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an English mariner, and a native of Leicestershire, merits some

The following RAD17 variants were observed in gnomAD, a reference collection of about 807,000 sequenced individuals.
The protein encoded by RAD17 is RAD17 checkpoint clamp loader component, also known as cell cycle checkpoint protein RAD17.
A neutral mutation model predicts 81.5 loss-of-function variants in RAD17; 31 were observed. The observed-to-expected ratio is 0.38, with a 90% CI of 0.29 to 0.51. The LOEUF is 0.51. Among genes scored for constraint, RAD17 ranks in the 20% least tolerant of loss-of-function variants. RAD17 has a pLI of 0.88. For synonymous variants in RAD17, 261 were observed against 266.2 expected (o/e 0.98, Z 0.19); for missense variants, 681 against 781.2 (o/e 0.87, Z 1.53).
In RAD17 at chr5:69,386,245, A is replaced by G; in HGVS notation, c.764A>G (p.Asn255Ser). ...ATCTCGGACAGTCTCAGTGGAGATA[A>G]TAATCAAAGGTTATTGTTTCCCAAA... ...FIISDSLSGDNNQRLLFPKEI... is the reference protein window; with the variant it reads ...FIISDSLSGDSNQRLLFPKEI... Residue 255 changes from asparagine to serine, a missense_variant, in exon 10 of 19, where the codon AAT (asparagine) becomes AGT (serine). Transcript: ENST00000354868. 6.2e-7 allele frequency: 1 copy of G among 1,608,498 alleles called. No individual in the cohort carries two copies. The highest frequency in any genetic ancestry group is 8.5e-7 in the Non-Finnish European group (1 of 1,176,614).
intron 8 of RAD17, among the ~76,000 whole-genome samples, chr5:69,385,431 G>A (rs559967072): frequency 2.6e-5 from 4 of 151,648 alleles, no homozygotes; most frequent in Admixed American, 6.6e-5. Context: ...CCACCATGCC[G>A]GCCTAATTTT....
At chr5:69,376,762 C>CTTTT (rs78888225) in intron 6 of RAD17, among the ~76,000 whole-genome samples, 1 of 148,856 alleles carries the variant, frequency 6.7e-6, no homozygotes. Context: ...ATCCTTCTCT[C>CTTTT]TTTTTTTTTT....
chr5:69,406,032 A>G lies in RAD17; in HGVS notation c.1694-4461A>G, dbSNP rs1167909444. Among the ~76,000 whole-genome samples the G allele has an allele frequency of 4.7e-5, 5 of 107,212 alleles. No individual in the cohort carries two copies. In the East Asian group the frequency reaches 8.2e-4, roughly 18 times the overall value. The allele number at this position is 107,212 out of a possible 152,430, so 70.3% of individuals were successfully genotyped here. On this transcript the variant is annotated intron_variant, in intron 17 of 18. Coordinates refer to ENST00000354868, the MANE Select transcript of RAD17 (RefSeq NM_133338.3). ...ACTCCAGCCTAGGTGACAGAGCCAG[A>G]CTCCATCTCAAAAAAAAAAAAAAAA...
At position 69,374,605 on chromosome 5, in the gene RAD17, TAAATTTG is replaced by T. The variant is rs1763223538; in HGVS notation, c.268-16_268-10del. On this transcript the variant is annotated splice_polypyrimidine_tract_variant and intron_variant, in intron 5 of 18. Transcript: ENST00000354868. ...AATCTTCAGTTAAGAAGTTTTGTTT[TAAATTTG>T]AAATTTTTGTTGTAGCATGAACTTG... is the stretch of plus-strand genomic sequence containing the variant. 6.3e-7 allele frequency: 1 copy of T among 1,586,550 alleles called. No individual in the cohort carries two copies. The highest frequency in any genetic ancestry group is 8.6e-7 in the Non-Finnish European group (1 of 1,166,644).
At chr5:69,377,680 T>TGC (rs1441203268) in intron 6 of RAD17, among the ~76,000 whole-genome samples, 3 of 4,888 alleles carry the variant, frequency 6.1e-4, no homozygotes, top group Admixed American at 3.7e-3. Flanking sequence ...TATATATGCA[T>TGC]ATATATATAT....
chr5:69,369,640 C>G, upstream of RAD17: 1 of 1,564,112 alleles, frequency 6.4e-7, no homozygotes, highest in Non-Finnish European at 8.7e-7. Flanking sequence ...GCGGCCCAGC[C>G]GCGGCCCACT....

, an English mariner, and a native of Leicestershire, merits some notice as the author of the most authentic account ever given of Madagascar, which was first published in 1729, reprinted in 1743, and more recently, in 1808. Drury was shipwrecked in the Degrave East Indiaman, on the south side of that island, in 1702, being then a boy, and lived there as a slave fifteen years. After his return to England, he had among those who knew him, the character of a plain honest man, without any appearance of fraud or imposture. The truth of his narrative, as far as it goes, was confirmed by its exact agreement with the journal kept by Mr. John Benbow (eldest son of the brave but unfortunate admiral), who, being second-mate of the Degrave, was also shipwrecked, and narrowly escaped being massacred by the natives, with the captain and the rest of the crew, Drury and three other boys only excepted. Mr. Benbow’s journal was accidentally burnt in 1714, in a fire near Aldgate; but several of his friends who had seen it, recollected the particulars, and its correspondence with Dairy’s. (See Benbow). Indeed the authenticity of Drury’s narrative seems to be amply confirmed, and his facts have been accordingly adopted by the compilers of geography. There is all that simplicity and verbiage which may be expected in the narratives of the illiterate, but none of the artifices of fiction. After his return from his captivity, he went to Loughborough, to his sister and other relations. It is said that he had the place of a porter at the India-house, and that his father left him 200l. and the reversion of a house at Stoke Newington. A friend of the late Mr. Duncombe, who was living in 1769, knew him well, and used frequently to call upon him at his house in Lincoln’s-inn fields, which were not then inclosed, and had often seen Drury throw a javelin there, and hit a small mark at a surprizing distance; but other particulars of his life are not known.